Disclosing Tax Returns as a Requirement to Be on the Ballot
This bill requires candidates who run for President of the US to release their last five years’ tax returns in order to appear on the ballot in Maryland. For over four decades, tax returns have given voters an important window into the financial holdings and potential conflicts of interest of presidential candidates. Sadly, in the last presidential election, one of the candidates, Donald Trump, refused to release copies of his federal income taxes, denying voters this critical information. This should not happen again.
Maryland can take corrective action and make the release of tax returns a qualification to appear on the ballot in Maryland for the position of President of the United States. Similar legislation has been introduced in New York, Massachusetts and Maine. The legislation has been endorsed by the New York Times. Laurence Tribe, a constitutional professor at Harvard Law School, has written that this legislation is definitely within the authority of the state to regulate access to the ballot.
Protecting Overtime Regulations Here in Maryland
We expect the new administration in Washington to repeal many of the regulations that were promulgated by the Obama Administration. Some of these regulations are of critical importance to the residents of Maryland. We don’t have to passively sit back and watch important regulations be stripped away. We can actually take some of these regulations and codify them into Maryland law. This means they can be the law of Maryland even if they are not in effect nationally.
One such regulation is the one that increased the salary threshold for people to be paid overtime after 40 hours. Currently, employers can call a low-salary worker a “manager” and avoid paying them overtime pay, or time-and-a-half, for working more than 40 hours a week, as long as the employee earns more than $23,660 (or $455 a week). As we all know, this is hardly enough to live on, and is an extreme hardship for people who are asked to work extra hours. The extremely low threshold has been in place since 2004. My legislation will nearly double the threshold salary to $47,476, or $913 a week. Small businesses would have protection: businesses with revenue of less than $500,000 annually would be exempt from the new rules.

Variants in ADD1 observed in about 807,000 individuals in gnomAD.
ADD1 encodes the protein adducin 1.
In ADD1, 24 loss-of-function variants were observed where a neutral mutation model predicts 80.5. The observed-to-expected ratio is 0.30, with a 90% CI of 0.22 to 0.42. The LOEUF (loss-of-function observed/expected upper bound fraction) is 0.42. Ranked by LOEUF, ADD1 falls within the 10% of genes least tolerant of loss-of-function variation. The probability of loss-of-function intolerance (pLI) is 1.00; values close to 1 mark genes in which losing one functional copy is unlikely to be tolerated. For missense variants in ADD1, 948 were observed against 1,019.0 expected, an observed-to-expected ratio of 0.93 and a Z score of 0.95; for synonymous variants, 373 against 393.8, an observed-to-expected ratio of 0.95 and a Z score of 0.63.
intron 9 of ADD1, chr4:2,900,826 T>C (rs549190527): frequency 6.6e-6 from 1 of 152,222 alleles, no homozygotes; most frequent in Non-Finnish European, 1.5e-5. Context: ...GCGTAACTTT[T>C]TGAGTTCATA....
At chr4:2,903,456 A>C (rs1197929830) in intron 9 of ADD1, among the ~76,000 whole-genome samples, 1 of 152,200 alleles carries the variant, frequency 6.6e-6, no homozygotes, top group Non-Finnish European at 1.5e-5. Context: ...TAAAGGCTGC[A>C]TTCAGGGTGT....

Of course the new administration and the Republican Congress will threaten many other regulations that will impact the Affordable Care Act, the environment, and other issues, to which we will have to react. These are just a couple of my initial ideas.
I am also introducing legislation on tax reform through closing tax loopholes, taking money out of politics through public financing legislation, and expanding collective bargaining. I will be discussing these in future newsletters.